Publication date: July 2019
Source: Social Science & Medicine, Volume 232
Author(s): Sylvie Morel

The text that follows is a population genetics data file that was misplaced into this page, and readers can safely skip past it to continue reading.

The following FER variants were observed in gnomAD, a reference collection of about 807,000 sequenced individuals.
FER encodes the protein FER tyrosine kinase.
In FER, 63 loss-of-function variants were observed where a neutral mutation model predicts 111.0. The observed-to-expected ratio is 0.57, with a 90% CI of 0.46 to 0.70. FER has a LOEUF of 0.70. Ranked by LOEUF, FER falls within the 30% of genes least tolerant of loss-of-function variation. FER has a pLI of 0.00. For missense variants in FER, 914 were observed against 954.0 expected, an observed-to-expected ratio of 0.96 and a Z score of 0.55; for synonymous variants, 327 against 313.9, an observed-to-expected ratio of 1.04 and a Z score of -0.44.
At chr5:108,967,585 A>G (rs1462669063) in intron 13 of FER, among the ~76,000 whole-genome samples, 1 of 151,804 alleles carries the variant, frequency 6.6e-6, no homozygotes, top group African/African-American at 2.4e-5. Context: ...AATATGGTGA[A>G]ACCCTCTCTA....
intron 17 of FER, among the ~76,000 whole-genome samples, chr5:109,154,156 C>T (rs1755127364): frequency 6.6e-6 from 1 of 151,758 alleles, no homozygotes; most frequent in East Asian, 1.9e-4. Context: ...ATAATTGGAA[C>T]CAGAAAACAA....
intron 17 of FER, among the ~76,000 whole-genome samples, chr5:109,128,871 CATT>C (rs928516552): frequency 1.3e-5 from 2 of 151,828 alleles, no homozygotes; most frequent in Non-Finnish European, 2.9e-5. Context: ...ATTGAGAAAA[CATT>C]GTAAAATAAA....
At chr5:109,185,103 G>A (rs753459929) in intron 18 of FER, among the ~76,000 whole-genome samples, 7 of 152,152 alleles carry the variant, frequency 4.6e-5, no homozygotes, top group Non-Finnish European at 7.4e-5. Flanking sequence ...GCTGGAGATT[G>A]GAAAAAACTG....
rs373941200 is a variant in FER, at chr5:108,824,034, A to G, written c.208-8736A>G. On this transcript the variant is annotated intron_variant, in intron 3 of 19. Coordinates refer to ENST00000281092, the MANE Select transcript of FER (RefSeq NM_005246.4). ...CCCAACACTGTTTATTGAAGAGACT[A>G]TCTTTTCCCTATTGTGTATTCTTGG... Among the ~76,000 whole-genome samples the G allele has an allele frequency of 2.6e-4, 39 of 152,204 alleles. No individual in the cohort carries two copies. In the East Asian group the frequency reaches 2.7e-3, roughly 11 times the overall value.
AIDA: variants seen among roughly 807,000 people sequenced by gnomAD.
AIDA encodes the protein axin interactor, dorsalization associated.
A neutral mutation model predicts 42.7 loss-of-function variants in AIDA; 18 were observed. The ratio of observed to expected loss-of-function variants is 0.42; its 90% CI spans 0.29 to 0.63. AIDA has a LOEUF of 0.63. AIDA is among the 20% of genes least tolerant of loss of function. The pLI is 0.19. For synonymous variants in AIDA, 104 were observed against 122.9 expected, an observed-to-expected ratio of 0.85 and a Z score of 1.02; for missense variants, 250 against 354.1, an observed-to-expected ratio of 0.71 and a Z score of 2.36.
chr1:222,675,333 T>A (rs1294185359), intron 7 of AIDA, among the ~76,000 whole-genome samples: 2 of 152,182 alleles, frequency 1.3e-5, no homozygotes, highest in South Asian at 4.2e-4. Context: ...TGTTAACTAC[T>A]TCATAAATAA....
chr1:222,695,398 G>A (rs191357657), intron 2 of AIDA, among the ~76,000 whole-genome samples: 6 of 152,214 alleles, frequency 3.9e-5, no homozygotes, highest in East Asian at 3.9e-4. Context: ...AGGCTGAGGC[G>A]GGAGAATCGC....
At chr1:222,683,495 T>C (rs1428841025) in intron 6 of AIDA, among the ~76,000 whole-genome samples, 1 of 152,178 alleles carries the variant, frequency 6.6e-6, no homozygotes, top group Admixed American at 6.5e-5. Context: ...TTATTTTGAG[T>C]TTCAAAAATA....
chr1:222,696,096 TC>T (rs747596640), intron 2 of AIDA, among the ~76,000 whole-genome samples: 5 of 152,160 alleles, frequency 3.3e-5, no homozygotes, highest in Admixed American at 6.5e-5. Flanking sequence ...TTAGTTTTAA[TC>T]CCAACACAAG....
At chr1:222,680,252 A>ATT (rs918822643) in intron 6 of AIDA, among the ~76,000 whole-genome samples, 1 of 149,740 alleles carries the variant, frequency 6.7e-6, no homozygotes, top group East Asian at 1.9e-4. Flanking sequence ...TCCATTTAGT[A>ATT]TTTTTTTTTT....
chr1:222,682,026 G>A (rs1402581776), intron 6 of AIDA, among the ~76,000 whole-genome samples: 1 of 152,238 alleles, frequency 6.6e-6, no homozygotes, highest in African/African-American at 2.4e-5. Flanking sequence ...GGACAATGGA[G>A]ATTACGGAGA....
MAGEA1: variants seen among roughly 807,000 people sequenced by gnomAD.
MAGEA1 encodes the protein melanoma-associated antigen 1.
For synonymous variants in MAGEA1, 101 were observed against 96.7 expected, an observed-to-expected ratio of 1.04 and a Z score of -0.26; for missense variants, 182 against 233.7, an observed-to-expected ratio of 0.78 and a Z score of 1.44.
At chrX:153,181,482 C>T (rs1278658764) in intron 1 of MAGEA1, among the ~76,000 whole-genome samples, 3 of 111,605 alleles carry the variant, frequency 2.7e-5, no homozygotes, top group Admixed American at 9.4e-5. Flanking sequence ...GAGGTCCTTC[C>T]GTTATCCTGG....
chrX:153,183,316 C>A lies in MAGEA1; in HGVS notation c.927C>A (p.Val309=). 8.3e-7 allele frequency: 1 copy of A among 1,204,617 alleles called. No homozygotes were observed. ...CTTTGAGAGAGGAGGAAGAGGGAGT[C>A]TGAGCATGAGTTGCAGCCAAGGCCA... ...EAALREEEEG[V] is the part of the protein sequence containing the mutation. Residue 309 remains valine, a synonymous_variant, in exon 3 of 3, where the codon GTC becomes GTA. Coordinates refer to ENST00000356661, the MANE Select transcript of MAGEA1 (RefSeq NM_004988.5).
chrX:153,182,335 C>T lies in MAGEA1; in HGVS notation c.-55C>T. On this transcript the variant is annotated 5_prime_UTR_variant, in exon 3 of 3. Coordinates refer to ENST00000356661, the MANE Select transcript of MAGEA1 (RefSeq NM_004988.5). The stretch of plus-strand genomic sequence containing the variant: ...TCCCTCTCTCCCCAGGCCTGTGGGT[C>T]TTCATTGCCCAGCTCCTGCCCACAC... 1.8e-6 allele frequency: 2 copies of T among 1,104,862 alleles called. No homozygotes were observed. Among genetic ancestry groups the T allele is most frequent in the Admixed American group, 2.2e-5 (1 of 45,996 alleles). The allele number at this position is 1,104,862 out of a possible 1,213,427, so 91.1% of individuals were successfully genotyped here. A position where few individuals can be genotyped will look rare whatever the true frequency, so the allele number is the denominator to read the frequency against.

In the social imagination, there is no wait for a so-called “medical emergency,” because it seems obvious to everyone that “saving lives” is not up for discussion. In the context of such social consensus, it is unthinkable to question access to emergency healthcare through the prism of discrimination and social inequality. Yet these social representations of emergency do not withstand ethnographic inquiry. Several years spent behind the scenes in this world revealed that there do in fact exist social selection practices in the realm of emergency care in France. More specifically, this study shows that medical interests and the interests of both public and private institutions have led to the production of socially differentiated pathways of access to emergency care. The first pathway is through private, for-profit clinics, the second is through public hospitals, a third occurs by “bypassing” the emergency department, and a final one groups the non-governmental social and health assistance structures. In this article, we discuss the specific mechanisms they have for selecting patients, and show how the organization of emergency care in France contributes to reproducing or even aggravating inequalities in health and access to healthcare.